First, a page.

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Greetings from L.A.

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iTunes Review

Tim Buckley made his reputation with long, improvisatory, jazz-influenced folk performances, but with Greetings From L.A. he transforms into a rough-and-tumble barroom rocker. With a traditional rock band behind him, along with a bevy of backup singers, Buckley turns tough on “Move With Me,” “Get On Top,” and “Nighthawkin’.” He sings, screams, and seduces in a blues-rock performance worthy of Jim Morrison himself. It's Buckley’s most accessible and straightforward album, and one of his absolute best.

Customer Reviews

If You Like Croce and Chapin Check Out Buckley

Tim Buckley was one of the best singer-songwriters of his day. Unfortunately, his life ended at an early age, before time and exposure could propel him into the mainstream. With little radio play, these gems remain mostly unknown. For those of us from the Woodstock era, Tim is remembered as one of the few artists who bridged the gap between folk and rock music. "Get On Top" is an all-time favorite of mine, and I am happy that I don't have to experience it on vinyl alone anymore. How about releasing his album, "Hello and Goodbye" sometime soon?


I loved Tim Buckley's second album, "Goodbye and Hello," when it first came out, especially its magnetic keystone number, "Pleasant Street." (OK, I date myself - I'm 58.) I remembered him as the finest voice of his era. So when I started browsing iTunes, I looked him up again and discovered "Get on Top" and "Sweet Surrender." The former is a gas, and the multi-octave scat singing ("talking in tongues") breath-taking. As good as it is, Buckley takes the intensity a notch a higher with the next cut. "Sweet Surrender" totally blew me away. It's one of the most powerful music vocals I've ever heard. The sheer intensity of his singing here took me (and maybe it's just me) to as much of a spiritual space as a sensual one, despite, or maybe even because of, the funky sex theme of the album as a whole. "Devil Eyes" and "Hong Kong Bar" are not quite at the level of those two, but they're close, and have more than their fair share of exquisite moods and moments. (And who can argue with the courage of a man who sings lovingly of licking stretch marks and getting his tongue down between the toes?) I could have done without "Nighthawkin'," but I enjoyed "Move With Me" and "Make It Right," even if they don't move me to the extent that "Sweet Surrender" does. The development of his voice as a musical instrument in its own right, peaking on the over-the-edge exploration of his previous album, "Starsailor," is clearly at work to great effect here, too, despite the radical break in styles between the two albums. Even if this is a more "commercial" album, Buckley goes all out. I guess he just couldn't help himself. OK, I admit it, I'm a fan - big-time. But as long as I'm here, I also recommend to the similarly-smitten some excellent Tim Buckley covers: "I Never Asked to Be Your Mountain" by his estranged son, Jeff; "Morning Glory" by Steve Katz on the only valuable Blood, Sweat & Tears album, "Child Is Father to the Man"; "Song to the Siren" on Robert Plant's "Dreamland" album, but, even better, by Cocteau Twins on This Mortail Coil's "It'll End in Tears" album - sheer magic! And that's what it's all about, isn't it?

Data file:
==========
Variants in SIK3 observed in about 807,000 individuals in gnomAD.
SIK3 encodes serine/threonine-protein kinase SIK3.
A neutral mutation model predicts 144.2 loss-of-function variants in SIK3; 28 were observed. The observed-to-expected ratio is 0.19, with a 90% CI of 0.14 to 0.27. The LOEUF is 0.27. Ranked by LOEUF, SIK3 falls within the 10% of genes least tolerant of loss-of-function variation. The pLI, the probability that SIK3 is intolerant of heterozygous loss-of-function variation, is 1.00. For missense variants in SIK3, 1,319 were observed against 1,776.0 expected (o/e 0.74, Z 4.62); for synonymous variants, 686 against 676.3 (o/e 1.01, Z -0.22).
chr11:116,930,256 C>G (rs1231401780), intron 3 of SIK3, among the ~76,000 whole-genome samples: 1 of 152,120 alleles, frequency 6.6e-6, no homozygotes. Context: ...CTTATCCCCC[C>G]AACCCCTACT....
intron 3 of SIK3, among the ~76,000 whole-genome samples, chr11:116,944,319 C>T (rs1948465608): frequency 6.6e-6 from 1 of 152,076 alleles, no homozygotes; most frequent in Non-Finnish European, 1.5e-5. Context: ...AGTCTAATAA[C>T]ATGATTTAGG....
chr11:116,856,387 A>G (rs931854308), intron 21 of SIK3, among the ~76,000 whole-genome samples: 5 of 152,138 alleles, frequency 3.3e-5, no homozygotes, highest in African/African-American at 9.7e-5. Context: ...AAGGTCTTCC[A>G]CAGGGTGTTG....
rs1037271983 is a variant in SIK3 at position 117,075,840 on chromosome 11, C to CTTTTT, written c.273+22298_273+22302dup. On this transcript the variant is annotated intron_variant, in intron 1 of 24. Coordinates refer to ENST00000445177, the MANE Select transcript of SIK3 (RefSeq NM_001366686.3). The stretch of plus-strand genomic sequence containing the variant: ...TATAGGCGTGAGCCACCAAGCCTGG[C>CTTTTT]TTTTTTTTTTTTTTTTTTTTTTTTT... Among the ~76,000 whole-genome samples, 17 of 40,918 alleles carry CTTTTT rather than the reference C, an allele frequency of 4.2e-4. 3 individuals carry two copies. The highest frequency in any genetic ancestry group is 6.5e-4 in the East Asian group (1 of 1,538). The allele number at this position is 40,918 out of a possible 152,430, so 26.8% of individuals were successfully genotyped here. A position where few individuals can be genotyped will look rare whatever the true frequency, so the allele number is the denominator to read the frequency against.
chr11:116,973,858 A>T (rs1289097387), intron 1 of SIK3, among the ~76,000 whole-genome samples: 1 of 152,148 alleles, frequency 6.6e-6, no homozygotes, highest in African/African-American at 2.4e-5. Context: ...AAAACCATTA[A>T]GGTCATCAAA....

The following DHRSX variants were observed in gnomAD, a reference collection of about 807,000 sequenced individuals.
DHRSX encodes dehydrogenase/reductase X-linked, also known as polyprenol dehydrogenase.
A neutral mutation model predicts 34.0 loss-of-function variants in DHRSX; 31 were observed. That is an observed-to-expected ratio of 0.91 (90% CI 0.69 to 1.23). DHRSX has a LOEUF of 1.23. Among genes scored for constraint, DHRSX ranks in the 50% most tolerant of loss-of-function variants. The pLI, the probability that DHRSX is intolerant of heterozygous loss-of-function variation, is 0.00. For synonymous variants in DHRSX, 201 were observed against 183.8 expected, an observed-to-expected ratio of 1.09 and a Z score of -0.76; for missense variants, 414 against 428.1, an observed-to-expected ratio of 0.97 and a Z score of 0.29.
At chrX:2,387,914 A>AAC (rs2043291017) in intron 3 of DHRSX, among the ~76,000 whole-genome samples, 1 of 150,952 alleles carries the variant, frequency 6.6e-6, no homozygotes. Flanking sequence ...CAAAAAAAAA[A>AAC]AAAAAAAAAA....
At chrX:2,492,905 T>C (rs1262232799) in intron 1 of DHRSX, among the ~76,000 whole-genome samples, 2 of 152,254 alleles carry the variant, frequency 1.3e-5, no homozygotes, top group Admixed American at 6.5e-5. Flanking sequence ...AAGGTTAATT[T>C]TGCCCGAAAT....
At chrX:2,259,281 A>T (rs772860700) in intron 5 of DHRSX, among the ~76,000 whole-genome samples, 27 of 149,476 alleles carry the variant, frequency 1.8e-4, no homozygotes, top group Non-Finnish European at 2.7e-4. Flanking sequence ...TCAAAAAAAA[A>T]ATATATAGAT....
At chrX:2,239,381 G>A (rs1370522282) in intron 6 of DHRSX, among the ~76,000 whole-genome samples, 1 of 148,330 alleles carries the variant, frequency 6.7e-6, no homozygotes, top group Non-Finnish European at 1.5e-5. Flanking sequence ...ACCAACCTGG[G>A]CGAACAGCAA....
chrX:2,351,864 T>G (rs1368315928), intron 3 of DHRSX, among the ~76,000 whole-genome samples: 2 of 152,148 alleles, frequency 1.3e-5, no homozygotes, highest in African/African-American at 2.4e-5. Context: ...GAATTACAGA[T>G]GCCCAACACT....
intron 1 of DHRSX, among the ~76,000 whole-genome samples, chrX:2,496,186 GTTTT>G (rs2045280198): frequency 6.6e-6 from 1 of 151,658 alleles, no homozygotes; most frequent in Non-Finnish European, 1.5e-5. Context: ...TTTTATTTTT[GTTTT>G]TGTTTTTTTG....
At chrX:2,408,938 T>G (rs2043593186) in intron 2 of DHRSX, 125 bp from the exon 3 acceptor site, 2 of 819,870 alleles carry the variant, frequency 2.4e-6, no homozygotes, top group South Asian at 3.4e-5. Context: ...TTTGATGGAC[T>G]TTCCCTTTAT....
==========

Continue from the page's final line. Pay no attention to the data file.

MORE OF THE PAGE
If you like Coltrane, Phil Ochs, Ligeti, Marvin Gaye, Leonard Cohen AND the others...

Buckley is a one of a kind. Intensity, exhibitionism, artistry and an unbelievable voice. This album is sex-funk with many artful twists. Others are folk, jazz, proressive-protest songs...very much worth a try, but listen to excerpts. You will not recognize one album from the next. Buckley is a different artist on each album.


Born: February 14, 1947 in Washington D.C.

Genre: Rock

Years Active: '60s, '70s

One of the great rock vocalists of the 1960s, Tim Buckley drew from folk, psychedelic rock, and progressive jazz to create a considerable body of adventurous work in his brief lifetime. His multi-octave range was capable of not just astonishing power, but great emotional expressiveness, swooping from sorrowful tenderness to anguished wailing. His restless quest for new territory worked against him commercially: By the time his fans had hooked into his latest album, he was onto something else entirely,...
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